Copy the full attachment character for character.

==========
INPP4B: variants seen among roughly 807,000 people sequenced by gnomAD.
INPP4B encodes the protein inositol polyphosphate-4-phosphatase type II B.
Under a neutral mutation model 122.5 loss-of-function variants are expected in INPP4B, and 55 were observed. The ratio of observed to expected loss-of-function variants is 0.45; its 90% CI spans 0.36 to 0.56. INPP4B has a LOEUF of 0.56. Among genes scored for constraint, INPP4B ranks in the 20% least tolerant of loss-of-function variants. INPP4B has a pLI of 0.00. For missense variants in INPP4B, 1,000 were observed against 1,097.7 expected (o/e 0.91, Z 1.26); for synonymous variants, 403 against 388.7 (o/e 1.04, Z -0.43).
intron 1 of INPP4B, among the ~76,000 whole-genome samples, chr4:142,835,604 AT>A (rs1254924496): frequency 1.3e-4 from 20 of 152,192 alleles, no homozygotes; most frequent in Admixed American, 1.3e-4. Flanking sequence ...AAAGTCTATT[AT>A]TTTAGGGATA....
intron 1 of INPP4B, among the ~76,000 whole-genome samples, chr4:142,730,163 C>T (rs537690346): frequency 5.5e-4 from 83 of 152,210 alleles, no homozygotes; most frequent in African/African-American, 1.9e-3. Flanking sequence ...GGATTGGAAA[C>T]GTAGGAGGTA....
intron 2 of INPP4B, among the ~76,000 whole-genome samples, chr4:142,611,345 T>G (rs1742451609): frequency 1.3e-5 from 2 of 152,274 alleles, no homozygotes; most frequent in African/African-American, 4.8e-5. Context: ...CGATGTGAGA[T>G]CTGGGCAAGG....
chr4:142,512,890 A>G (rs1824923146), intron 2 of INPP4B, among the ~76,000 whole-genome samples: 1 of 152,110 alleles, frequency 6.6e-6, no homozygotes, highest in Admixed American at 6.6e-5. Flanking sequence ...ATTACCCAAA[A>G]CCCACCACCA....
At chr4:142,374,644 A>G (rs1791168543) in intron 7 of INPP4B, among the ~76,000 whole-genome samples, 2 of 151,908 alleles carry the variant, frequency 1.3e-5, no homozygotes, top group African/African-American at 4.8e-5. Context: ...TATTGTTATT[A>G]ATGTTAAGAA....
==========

INPP4B: variants seen among roughly 807,000 people sequenced by gnomAD.
INPP4B encodes the protein inositol polyphosphate-4-phosphatase type II B.
Under a neutral mutation model 122.5 loss-of-function variants are expected in INPP4B, and 55 were observed. The ratio of observed to expected loss-of-function variants is 0.45; its 90% CI spans 0.36 to 0.56. INPP4B has a LOEUF of 0.56. Among genes scored for constraint, INPP4B ranks in the 20% least tolerant of loss-of-function variants. INPP4B has a pLI of 0.00. For missense variants in INPP4B, 1,000 were observed against 1,097.7 expected (o/e 0.91, Z 1.26); for synonymous variants, 403 against 388.7 (o/e 1.04, Z -0.43).
intron 1 of INPP4B, among the ~76,000 whole-genome samples, chr4:142,835,604 AT>A (rs1254924496): frequency 1.3e-4 from 20 of 152,192 alleles, no homozygotes; most frequent in Admixed American, 1.3e-4. Flanking sequence ...AAAGTCTATT[AT>A]TTTAGGGATA....
intron 1 of INPP4B, among the ~76,000 whole-genome samples, chr4:142,730,163 C>T (rs537690346): frequency 5.5e-4 from 83 of 152,210 alleles, no homozygotes; most frequent in African/African-American, 1.9e-3. Flanking sequence ...GGATTGGAAA[C>T]GTAGGAGGTA....
intron 2 of INPP4B, among the ~76,000 whole-genome samples, chr4:142,611,345 T>G (rs1742451609): frequency 1.3e-5 from 2 of 152,274 alleles, no homozygotes; most frequent in African/African-American, 4.8e-5. Context: ...CGATGTGAGA[T>G]CTGGGCAAGG....
chr4:142,512,890 A>G (rs1824923146), intron 2 of INPP4B, among the ~76,000 whole-genome samples: 1 of 152,110 alleles, frequency 6.6e-6, no homozygotes, highest in Admixed American at 6.6e-5. Flanking sequence ...ATTACCCAAA[A>G]CCCACCACCA....
At chr4:142,374,644 A>G (rs1791168543) in intron 7 of INPP4B, among the ~76,000 whole-genome samples, 2 of 151,908 alleles carry the variant, frequency 1.3e-5, no homozygotes, top group African/African-American at 4.8e-5. Context: ...TATTGTTATT[A>G]ATGTTAAGAA....